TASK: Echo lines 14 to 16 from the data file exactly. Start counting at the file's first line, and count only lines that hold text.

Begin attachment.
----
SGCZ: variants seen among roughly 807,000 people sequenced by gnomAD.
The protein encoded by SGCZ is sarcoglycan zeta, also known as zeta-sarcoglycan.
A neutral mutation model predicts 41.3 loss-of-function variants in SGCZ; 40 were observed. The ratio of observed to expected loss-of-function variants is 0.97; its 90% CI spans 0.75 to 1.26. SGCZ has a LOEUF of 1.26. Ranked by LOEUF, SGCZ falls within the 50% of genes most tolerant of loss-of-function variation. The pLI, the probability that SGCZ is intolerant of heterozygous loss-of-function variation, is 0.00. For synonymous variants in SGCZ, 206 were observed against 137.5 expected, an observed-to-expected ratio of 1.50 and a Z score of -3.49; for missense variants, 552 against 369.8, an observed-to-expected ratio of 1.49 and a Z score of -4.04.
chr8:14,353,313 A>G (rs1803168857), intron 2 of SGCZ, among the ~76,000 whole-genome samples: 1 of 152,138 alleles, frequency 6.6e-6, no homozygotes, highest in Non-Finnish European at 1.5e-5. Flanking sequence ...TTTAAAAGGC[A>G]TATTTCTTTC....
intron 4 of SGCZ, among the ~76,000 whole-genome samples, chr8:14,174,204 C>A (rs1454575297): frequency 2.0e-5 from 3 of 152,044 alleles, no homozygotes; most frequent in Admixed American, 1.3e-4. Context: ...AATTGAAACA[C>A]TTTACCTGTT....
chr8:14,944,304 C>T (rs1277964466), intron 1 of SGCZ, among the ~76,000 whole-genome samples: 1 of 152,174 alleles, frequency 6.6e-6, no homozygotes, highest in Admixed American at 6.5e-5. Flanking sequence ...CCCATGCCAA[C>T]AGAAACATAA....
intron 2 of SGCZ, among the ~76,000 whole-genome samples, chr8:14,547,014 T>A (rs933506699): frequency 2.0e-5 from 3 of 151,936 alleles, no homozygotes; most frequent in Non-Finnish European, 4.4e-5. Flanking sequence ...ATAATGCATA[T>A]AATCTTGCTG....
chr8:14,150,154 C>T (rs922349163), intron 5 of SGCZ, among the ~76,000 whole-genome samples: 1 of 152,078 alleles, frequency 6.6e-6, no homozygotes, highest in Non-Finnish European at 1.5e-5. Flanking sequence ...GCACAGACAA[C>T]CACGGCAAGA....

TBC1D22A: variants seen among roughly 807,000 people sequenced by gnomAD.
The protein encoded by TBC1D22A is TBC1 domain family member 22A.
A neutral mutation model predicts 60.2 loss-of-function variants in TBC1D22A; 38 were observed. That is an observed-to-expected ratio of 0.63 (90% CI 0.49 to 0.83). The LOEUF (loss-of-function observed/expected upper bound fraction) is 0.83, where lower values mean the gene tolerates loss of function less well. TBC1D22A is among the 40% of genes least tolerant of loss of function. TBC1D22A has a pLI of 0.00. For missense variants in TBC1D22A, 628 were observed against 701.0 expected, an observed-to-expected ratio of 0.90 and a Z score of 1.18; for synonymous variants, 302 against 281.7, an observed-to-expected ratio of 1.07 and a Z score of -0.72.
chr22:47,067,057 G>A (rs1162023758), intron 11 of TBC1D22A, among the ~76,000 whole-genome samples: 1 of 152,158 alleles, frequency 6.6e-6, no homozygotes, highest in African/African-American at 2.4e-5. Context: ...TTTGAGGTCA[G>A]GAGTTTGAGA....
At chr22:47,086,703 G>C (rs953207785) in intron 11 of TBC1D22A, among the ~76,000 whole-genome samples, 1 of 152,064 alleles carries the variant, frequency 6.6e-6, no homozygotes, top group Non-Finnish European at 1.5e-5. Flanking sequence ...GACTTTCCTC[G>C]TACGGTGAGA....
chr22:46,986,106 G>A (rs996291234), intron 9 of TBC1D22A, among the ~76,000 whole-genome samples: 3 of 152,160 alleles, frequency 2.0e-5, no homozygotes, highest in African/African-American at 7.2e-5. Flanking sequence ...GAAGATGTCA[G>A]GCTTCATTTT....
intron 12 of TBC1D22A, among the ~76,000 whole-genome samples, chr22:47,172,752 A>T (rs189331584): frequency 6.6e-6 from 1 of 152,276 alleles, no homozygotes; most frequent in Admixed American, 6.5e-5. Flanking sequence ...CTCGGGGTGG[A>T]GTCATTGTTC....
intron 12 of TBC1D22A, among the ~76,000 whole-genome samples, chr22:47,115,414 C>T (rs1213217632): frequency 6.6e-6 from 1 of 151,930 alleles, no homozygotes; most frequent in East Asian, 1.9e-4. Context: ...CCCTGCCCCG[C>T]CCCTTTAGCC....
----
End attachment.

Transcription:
chr22:46,986,106 G>A (rs996291234), intron 9 of TBC1D22A, among the ~76,000 whole-genome samples: 3 of 152,160 alleles, frequency 2.0e-5, no homozygotes, highest in African/African-American at 7.2e-5. Flanking sequence ...GAAGATGTCA[G>A]GCTTCATTTT....
intron 12 of TBC1D22A, among the ~76,000 whole-genome samples, chr22:47,172,752 A>T (rs189331584): frequency 6.6e-6 from 1 of 152,276 alleles, no homozygotes; most frequent in Admixed American, 6.5e-5. Flanking sequence ...CTCGGGGTGG[A>T]GTCATTGTTC....
intron 12 of TBC1D22A, among the ~76,000 whole-genome samples, chr22:47,115,414 C>T (rs1213217632): frequency 6.6e-6 from 1 of 151,930 alleles, no homozygotes; most frequent in East Asian, 1.9e-4. Context: ...CCCTGCCCCG[C>T]CCCTTTAGCC....